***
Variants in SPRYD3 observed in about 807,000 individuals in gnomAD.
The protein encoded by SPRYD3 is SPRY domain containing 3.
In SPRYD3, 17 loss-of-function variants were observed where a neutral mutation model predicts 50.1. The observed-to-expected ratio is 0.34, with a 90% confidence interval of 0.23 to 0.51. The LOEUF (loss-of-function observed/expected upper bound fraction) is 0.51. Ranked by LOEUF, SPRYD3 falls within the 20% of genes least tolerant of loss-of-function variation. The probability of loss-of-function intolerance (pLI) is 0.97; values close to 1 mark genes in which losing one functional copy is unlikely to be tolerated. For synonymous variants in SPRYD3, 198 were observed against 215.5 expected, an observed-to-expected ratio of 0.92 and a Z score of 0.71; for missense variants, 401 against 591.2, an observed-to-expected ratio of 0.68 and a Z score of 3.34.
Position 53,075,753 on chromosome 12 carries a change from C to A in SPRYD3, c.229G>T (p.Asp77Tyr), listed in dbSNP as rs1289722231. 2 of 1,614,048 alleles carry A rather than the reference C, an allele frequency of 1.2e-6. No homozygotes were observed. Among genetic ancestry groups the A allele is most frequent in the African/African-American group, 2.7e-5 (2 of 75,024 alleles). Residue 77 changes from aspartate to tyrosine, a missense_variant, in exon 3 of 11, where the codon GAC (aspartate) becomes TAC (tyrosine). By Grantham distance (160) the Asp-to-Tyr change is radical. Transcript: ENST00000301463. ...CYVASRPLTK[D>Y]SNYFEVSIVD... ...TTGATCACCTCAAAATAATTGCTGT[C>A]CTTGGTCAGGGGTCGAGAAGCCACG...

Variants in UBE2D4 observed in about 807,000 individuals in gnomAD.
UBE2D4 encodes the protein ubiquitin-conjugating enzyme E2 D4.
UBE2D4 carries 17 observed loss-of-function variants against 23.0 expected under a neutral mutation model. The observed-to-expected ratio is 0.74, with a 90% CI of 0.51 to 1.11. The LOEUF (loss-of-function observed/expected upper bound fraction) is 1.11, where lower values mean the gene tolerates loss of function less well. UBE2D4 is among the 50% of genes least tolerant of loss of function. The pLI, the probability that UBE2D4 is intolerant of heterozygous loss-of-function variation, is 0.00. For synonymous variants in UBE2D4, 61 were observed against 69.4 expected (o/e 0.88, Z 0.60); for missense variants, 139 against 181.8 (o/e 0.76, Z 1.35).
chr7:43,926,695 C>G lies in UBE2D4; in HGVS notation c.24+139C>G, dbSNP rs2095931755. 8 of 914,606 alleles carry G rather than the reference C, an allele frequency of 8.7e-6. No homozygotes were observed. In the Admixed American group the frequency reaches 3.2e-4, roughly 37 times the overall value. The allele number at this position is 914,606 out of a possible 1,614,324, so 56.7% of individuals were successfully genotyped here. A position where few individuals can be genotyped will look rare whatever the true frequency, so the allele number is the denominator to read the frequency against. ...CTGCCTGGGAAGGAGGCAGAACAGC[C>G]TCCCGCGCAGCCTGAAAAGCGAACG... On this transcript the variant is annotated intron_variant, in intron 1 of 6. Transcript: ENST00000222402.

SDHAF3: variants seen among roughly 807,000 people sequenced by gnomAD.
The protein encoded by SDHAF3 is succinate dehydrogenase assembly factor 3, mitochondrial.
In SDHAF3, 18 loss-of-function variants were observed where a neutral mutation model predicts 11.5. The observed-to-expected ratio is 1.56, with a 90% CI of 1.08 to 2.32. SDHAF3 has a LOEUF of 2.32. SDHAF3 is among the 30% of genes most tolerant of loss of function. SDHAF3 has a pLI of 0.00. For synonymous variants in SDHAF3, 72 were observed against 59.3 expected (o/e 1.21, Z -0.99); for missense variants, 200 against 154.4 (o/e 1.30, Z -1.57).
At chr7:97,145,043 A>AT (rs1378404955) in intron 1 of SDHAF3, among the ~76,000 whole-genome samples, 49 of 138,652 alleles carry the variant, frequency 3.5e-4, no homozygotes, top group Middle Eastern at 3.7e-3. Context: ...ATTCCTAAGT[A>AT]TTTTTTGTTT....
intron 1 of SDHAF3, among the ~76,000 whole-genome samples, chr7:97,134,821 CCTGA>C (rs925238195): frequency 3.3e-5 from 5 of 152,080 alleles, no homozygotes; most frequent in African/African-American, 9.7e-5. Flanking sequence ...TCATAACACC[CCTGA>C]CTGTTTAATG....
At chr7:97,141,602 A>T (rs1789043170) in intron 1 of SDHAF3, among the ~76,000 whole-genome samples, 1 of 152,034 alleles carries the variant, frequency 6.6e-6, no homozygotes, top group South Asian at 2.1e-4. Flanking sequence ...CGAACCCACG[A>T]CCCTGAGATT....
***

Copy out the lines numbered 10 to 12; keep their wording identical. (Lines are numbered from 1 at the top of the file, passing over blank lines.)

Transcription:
The protein encoded by SDHAF3 is succinate dehydrogenase assembly factor 3, mitochondrial.
In SDHAF3, 18 loss-of-function variants were observed where a neutral mutation model predicts 11.5. The observed-to-expected ratio is 1.56, with a 90% CI of 1.08 to 2.32. SDHAF3 has a LOEUF of 2.32. SDHAF3 is among the 30% of genes most tolerant of loss of function. SDHAF3 has a pLI of 0.00. For synonymous variants in SDHAF3, 72 were observed against 59.3 expected (o/e 1.21, Z -0.99); for missense variants, 200 against 154.4 (o/e 1.30, Z -1.57).
At chr7:97,145,043 A>AT (rs1378404955) in intron 1 of SDHAF3, among the ~76,000 whole-genome samples, 49 of 138,652 alleles carry the variant, frequency 3.5e-4, no homozygotes, top group Middle Eastern at 3.7e-3. Context: ...ATTCCTAAGT[A>AT]TTTTTTGTTT....